Radio stations should not have to pay “out of pocket” just to stay in business as a result of the TV auction repack; the U.S. government’s repacking process should allow reimbursement to “bystander” FMs for costs they incur to maintain their service through the transition. So argues an NAB official.
The TV band is on Channels 2 to 51; the TV auction will shrink it Channels 2 to 36; as many as 1,000 TV stations will be relocated to a new channel. Now National Association of Broadcasters Vice President of Spectrum Policy Patrick McFadden has blogged about the potential impact on radio, a topic that has worried some in radio for the past year or two.
“Relocating television stations to new channels following the close of the TV broadcast spectrum incentive auction will be the most complex transition the Federal Communications Commission has ever overseen,” McFadden wrote. “We know that many stations will be repacked, we know that there are constraints on the resources available to perform this work, and we know there are hugely complex interference relationships between broadcast television stations But we don’t yet have a full picture as to which stations will be moving to new channels, and what the ramifications of those moves will be.”
He noted that many towers that are home to repacked TV stations also serve FM radio stations, which are not being repacked. “During the incentive auction rulemaking, NAB and others asked the commission to allow repacked television stations to reimburse other broadcasters, including FM stations located near repacked television stations, for costs those stations might incur during the repack,” he wrote.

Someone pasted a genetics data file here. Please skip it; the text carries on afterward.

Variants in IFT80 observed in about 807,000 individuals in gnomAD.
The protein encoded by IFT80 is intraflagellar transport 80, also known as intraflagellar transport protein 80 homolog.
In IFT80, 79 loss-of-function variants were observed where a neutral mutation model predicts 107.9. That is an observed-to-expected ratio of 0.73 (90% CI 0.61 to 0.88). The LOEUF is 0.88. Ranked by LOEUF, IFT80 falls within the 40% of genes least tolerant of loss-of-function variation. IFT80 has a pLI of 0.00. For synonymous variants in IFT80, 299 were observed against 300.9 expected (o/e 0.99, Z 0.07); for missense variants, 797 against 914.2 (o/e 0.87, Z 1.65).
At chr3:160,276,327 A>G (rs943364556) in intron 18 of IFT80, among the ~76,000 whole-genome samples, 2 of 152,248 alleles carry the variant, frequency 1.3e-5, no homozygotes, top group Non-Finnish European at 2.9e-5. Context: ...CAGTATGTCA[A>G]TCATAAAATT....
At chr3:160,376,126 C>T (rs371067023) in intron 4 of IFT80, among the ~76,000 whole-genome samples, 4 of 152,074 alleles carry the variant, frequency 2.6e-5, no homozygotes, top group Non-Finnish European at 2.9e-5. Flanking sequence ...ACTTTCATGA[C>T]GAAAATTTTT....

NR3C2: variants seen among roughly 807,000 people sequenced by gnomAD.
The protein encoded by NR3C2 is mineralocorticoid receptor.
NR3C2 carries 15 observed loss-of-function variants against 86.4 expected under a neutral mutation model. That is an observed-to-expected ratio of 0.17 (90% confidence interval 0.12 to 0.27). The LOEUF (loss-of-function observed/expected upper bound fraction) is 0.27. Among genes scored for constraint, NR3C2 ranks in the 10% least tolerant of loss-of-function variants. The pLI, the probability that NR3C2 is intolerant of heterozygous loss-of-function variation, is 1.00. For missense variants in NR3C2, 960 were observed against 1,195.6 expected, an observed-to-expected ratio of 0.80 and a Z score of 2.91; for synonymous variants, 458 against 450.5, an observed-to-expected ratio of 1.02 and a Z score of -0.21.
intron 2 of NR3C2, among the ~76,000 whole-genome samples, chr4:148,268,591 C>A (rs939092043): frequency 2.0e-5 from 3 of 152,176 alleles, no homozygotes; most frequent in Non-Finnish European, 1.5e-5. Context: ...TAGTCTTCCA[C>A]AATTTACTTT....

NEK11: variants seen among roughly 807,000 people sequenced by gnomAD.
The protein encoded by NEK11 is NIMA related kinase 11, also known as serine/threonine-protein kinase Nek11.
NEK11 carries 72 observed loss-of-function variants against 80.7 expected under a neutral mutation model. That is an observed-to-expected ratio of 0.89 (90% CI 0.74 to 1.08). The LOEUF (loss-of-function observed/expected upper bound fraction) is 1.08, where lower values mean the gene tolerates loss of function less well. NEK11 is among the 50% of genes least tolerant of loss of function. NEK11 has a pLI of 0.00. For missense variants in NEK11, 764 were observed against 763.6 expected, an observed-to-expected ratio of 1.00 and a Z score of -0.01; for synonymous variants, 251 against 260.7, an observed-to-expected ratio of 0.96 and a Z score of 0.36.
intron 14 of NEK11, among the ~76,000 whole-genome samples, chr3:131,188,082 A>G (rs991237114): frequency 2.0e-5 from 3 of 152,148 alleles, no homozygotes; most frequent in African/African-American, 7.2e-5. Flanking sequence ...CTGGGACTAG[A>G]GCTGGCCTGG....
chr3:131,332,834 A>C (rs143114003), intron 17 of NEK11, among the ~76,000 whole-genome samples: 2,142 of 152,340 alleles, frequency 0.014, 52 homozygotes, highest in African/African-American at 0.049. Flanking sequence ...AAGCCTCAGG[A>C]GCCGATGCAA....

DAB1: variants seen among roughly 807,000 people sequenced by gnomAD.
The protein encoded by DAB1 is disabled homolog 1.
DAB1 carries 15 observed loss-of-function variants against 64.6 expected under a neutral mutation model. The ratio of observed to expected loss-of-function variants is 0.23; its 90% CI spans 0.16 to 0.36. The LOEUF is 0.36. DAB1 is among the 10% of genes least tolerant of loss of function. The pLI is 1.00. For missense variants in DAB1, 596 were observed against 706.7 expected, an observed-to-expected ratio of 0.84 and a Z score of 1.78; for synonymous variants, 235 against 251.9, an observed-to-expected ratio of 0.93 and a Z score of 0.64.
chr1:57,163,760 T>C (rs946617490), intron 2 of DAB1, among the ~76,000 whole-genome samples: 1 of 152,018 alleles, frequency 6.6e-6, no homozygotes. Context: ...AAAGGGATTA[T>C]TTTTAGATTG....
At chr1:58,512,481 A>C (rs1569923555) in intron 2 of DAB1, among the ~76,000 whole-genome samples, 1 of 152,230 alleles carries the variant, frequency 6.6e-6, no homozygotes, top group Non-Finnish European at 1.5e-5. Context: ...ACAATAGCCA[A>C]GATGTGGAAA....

“It seems reasonable to us that, if an FM station, an innocent bystander to the repack, needs to construct alternative facilities to stay on the air during repacking work performed on a nearby television station, this should be considered a reasonable expense associated with the repack. The FCC disagreed, citing the language of the legislation authorizing the incentive auction.”
McFadden said those FM stations and their millions of listeners are still there. “They still face the real possibility that repacking may disrupt their operations, even though they have literally nothing to do with the incentive auction. Work on nearby television antennas may require FM stations to reduce power, or seek alternate facilities. A repacking plan that does not take FM stations into consideration risks depriving listeners of local radio on which they rely.”
The answer, he wrote, is to coordinate repacking efforts to minimize disruption while reimbursing bystander stations for costs they incur to maintain service, “not to make them collateral damage.”
McFadden said TV stations already know confidentially about their new channel assignments, and that the information should be available publicly in April. “A balanced, reasonable repacking plan will treat all stakeholders fairly, including all affected broadcast stations, whether they are repacked or not.”
Expect to hear more about this. Congress allocated $1.75 billion to compensate TV stations that will be repacked into the smaller part of the spectrum. NAB believes that’s not enough money to cover all TV station costs. The association plans to seek a legislative “fix” that covers the moving costs for all TV stations forced to relocate, along with any costs that these “innocent radio station bystanders” may incur as part of this TV repack.